The highly anticipated mixed-use public space was decades in the making — and it’s perfect for today for folks all around the Triangle.
by Ayn-Monique Klahre | photography by Joshua Steadman
The Downtown Cary Park opened to much excitement in mid-November, a 7-acre plot packed with all the amenities you could want: walking paths, play spaces, an amphitheater, dog park, concessions and more. Just 20 minutes from downtown Raleigh, it’s nestled between Academy and Walker Streets, close to popular restaurants and the performing arts center, and will be a new anchor for Cary.
Over the decades, the property had been developed around the edges, but not in the interior. But in 2001, the Cary Town Council approved a plan to create a park as a focal point for downtown. “For a town of our size — especially back then — it was impressive for the leadership to have that kind of foresight,” says Joy Ennis, the park’s general manager.
Five years ago, the town selected OJB, a national landscape and urban planning firm, to design the park with input from the community.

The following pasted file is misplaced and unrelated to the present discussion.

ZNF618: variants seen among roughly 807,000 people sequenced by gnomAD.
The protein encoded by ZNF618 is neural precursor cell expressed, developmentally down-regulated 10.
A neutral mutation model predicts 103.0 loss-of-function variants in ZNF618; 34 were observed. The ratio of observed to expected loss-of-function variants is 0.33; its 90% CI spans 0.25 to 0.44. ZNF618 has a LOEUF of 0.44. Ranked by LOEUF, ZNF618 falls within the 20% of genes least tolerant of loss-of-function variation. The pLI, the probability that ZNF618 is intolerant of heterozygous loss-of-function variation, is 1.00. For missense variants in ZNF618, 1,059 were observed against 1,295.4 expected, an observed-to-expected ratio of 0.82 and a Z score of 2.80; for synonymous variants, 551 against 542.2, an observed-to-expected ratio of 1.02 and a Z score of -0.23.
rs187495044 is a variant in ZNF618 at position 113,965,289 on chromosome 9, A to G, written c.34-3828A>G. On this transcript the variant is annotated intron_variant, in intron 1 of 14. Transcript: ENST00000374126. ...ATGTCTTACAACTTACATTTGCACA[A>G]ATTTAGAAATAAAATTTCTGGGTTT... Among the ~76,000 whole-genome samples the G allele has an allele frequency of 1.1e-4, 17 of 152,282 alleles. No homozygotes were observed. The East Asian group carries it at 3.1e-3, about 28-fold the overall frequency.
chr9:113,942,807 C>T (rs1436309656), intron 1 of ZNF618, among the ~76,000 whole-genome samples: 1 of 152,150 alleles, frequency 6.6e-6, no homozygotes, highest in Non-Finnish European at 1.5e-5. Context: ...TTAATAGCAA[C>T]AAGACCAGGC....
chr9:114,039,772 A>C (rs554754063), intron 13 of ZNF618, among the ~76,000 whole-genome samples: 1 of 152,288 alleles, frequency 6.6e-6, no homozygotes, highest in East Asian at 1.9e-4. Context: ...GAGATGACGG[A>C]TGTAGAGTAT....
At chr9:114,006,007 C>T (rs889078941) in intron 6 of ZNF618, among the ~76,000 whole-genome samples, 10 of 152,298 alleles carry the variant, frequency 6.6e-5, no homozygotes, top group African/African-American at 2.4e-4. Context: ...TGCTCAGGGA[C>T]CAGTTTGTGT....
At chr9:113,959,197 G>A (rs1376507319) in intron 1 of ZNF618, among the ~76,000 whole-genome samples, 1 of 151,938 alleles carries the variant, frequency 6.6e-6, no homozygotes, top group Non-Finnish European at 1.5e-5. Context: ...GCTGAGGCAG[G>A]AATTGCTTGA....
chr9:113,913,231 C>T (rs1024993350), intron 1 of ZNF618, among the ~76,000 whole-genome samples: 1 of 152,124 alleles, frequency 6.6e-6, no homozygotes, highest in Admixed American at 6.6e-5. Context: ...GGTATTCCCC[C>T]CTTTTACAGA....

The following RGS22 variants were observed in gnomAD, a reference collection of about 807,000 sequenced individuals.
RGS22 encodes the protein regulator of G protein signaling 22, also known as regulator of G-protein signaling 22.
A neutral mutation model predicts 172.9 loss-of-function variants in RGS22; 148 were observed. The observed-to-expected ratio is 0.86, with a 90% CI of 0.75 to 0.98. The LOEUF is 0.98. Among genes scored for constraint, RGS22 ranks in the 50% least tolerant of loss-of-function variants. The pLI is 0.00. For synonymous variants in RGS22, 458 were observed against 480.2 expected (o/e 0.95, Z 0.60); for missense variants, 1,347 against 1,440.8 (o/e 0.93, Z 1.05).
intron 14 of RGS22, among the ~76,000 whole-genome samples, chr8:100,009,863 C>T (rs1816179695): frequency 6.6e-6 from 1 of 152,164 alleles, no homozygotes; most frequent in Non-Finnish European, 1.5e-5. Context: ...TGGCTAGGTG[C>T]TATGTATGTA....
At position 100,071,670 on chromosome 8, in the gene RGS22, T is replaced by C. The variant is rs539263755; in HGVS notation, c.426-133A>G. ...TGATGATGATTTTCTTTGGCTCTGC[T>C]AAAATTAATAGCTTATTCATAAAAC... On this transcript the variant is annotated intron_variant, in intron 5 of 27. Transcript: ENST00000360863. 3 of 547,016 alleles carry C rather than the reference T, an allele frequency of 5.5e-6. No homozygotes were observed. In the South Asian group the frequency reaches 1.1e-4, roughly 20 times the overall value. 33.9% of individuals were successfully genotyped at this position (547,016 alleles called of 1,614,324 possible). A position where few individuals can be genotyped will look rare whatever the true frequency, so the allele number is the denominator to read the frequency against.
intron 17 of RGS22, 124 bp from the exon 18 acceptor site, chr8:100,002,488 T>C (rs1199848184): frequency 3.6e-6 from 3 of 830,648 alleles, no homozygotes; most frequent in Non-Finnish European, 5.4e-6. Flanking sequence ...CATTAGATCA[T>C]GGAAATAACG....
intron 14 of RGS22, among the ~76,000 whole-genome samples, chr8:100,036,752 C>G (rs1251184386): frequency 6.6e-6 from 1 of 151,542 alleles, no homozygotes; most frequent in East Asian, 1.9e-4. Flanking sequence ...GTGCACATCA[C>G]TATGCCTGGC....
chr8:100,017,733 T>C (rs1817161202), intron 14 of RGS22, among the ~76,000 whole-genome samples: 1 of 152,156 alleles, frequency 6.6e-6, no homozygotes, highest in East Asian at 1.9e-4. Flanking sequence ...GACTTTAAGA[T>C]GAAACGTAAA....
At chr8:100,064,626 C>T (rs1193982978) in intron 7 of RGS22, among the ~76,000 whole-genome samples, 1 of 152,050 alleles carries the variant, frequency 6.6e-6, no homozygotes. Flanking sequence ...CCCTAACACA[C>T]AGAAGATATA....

Today, the park offers several unique amenities. There’s an inventive play area featuring a pair of play structures that look like cardinals. A large stormwater pond acts as an attractive water feature, with stones at the perimeter that entice kids to play. A skywalk rises into the tree canopy to offer a different perspective. And dog owners love the Bark Bar, where they can enjoy a beverage as the pups cavort (divided into areas for the “Biggies” and the “Smalls”).
Ennis says she might be most excited about the botanic gardens, though: “We planted 66,000 plants, and once they’re established, they will create these amazing, quiet spaces for people to enjoy.”
Though the park is just a couple months old, “it has been completely adopted by everybody,” says Ennis. “People are using it just how we hoped they would.” From an economic standpoint, Cary is already seeing the benefit as the park draws residents and visitors to the area, and Ennis believes that it will serve as a destination in Cary in the decades to come. “The design and bones of it are so strong, it has real staying power,” she says. “And it’ll evolve as we create more programming and events.”
“It’s a world-class park that you’d expect to see in a bigger city,” says Raleigh resident Ryan Johnston, who recently visited with her family. “It’s forward-thinking in its design and practical about how the community will use the space. We’ll keep making the trip to use the park!”
This article originally appeared in the February 2024 issue of WALTER magazine